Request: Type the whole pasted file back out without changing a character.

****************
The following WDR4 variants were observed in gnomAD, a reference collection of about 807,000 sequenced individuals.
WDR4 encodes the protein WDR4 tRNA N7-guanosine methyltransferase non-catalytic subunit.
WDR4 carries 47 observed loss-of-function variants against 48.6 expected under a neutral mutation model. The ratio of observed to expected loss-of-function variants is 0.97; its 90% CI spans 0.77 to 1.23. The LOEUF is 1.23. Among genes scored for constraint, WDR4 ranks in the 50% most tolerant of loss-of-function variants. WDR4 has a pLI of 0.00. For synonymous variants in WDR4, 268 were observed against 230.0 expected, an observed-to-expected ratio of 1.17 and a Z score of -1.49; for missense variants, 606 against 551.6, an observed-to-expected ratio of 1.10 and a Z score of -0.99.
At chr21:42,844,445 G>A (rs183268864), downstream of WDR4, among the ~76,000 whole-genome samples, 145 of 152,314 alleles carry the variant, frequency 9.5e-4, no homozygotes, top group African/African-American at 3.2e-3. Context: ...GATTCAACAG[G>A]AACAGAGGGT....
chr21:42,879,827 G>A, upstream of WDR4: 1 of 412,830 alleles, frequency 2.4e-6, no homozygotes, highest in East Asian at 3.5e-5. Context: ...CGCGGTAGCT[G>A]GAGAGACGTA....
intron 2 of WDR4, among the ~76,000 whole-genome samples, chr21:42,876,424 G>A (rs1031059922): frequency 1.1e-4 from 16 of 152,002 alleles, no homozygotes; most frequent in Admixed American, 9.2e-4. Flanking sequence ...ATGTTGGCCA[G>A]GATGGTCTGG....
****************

The following WDR4 variants were observed in gnomAD, a reference collection of about 807,000 sequenced individuals.
WDR4 encodes the protein WDR4 tRNA N7-guanosine methyltransferase non-catalytic subunit.
WDR4 carries 47 observed loss-of-function variants against 48.6 expected under a neutral mutation model. The ratio of observed to expected loss-of-function variants is 0.97; its 90% CI spans 0.77 to 1.23. The LOEUF is 1.23. Among genes scored for constraint, WDR4 ranks in the 50% most tolerant of loss-of-function variants. WDR4 has a pLI of 0.00. For synonymous variants in WDR4, 268 were observed against 230.0 expected, an observed-to-expected ratio of 1.17 and a Z score of -1.49; for missense variants, 606 against 551.6, an observed-to-expected ratio of 1.10 and a Z score of -0.99.
At chr21:42,844,445 G>A (rs183268864), downstream of WDR4, among the ~76,000 whole-genome samples, 145 of 152,314 alleles carry the variant, frequency 9.5e-4, no homozygotes, top group African/African-American at 3.2e-3. Context: ...GATTCAACAG[G>A]AACAGAGGGT....
chr21:42,879,827 G>A, upstream of WDR4: 1 of 412,830 alleles, frequency 2.4e-6, no homozygotes, highest in East Asian at 3.5e-5. Context: ...CGCGGTAGCT[G>A]GAGAGACGTA....
intron 2 of WDR4, among the ~76,000 whole-genome samples, chr21:42,876,424 G>A (rs1031059922): frequency 1.1e-4 from 16 of 152,002 alleles, no homozygotes; most frequent in Admixed American, 9.2e-4. Flanking sequence ...ATGTTGGCCA[G>A]GATGGTCTGG....